When freezing temperatures in Texas crippled the state’s power grid and millions of residents lost electricity, communities jumped into action and set up warming centers to provide temporary relief. There has been a lot of discussion in the media on the impact the power outages had on communities of color, so I decided to do some digging. I wanted to know if various populations had equal access to these warming centers. The Texas Division of Emergency Management (TDEM) posted a list of 331 warming centers open to residents across the state. I grabbed the dataset on Feb. 17, which you can download here.
I was able to retrieve Census tract and block info for the addresses using a batch upload to Census’ Geocoder tool. The tool did not find data for every address, so I conducted a manual lookup of 146 addresses through a combination of the one-line address lookup or Google Map coordinates. This wasn’t difficult, just time-consuming. I only had one issue locating an address. One center, though listed as being in Texas, was technically located in Texarkana, Arkansas, so I moved the coordinates just across border.
I then merged all the address data with the state’s PUMAs (Public Use Microdata Areas) — taking care to match with the state FIP code so I wasn’t accidentally looking at, for example, California data. The final data with the matched addresses and manual lookups are available here.
Unfortunately only a few centers in the TDEM dataset included capacity, so I had to use the number of centers per PUMA as a variable instead of the number of residents the centers could accommodate. I calculated the number of centers per 100,000 residents, as PUMAs contain no fewer than 100,000 residents. I then pulled data on population, density, median income and race by PUMA. Unfortunately, the race variable in the CPS does not include Hispanic/Latinx as an option. On the maps below I looked at percentage of white and non-white residents. This is far from ideal, but hopefully someone out there with more experience using the CPS could easily correct the issue. I suggest using CEPRdata. I don’t have experience with STATA, only R, and the CPS extracts there were built with STATA.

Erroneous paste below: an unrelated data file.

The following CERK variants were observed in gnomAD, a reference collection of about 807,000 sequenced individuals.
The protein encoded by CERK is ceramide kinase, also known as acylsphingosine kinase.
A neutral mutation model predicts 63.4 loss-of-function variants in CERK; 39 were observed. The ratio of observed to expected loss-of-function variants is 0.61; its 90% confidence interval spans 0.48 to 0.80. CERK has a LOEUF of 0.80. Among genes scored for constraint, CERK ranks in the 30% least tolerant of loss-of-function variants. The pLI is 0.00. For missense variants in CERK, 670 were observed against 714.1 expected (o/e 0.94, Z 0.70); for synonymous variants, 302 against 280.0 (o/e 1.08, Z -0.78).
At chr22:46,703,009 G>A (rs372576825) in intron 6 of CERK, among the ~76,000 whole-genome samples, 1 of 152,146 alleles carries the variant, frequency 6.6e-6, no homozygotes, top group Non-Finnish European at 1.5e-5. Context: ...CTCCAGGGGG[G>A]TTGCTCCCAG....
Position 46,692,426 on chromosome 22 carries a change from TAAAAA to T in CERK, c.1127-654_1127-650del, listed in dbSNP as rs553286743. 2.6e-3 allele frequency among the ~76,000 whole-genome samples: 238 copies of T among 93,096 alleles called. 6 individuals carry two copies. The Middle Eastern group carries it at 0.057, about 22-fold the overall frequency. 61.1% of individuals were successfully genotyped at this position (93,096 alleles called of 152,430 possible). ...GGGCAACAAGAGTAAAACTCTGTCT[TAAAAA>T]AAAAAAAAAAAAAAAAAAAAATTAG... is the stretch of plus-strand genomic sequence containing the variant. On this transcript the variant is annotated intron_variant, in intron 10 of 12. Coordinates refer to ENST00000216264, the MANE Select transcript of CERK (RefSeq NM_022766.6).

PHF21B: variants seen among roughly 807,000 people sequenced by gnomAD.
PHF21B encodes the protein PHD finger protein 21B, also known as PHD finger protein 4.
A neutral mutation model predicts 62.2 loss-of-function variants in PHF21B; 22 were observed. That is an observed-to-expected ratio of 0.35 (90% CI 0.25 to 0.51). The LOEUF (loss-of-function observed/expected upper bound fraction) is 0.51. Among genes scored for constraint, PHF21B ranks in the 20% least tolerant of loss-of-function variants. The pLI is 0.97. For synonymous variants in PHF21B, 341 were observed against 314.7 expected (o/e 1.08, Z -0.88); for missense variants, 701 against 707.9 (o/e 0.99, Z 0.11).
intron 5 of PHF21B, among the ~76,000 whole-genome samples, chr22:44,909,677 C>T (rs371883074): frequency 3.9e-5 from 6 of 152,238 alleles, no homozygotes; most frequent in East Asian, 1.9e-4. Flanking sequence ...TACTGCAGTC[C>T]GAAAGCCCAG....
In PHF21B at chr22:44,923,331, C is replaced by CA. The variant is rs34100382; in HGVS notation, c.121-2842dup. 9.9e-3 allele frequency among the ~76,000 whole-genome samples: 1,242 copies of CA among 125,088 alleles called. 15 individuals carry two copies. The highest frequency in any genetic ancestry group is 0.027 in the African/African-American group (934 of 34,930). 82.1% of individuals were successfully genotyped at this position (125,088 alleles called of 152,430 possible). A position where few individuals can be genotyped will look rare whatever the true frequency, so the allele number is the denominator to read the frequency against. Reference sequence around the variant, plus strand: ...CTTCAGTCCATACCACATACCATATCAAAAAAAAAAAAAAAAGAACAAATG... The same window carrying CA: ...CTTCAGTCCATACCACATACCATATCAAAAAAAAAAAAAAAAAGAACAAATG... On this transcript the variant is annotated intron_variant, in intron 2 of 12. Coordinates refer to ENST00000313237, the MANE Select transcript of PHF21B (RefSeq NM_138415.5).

The map below shows the state with centers per 100,000 residents.
I was drawn to one particular part of the state, the Dallas-Fort Worth area. The Dallas and Fort Worth suburbs appear to have low median incomes, a larger percentage of non-white population, and far fewer centers per 100,000 residents. The grey areas are PUMAs that contain no centers at all, at least not in the TDEM dataset.
Looking at the full dataset, the plot below shows there is a statistically significant (95%) negative correlation between density and centers per 100,000 residents and percentage of non-white population and centers per 100,000 residents. There is also a positive correlation between percentage of non-white population and density. This means areas with higher populations of non-white residents are more dense and likely to have fewer centers per 100,000 residents.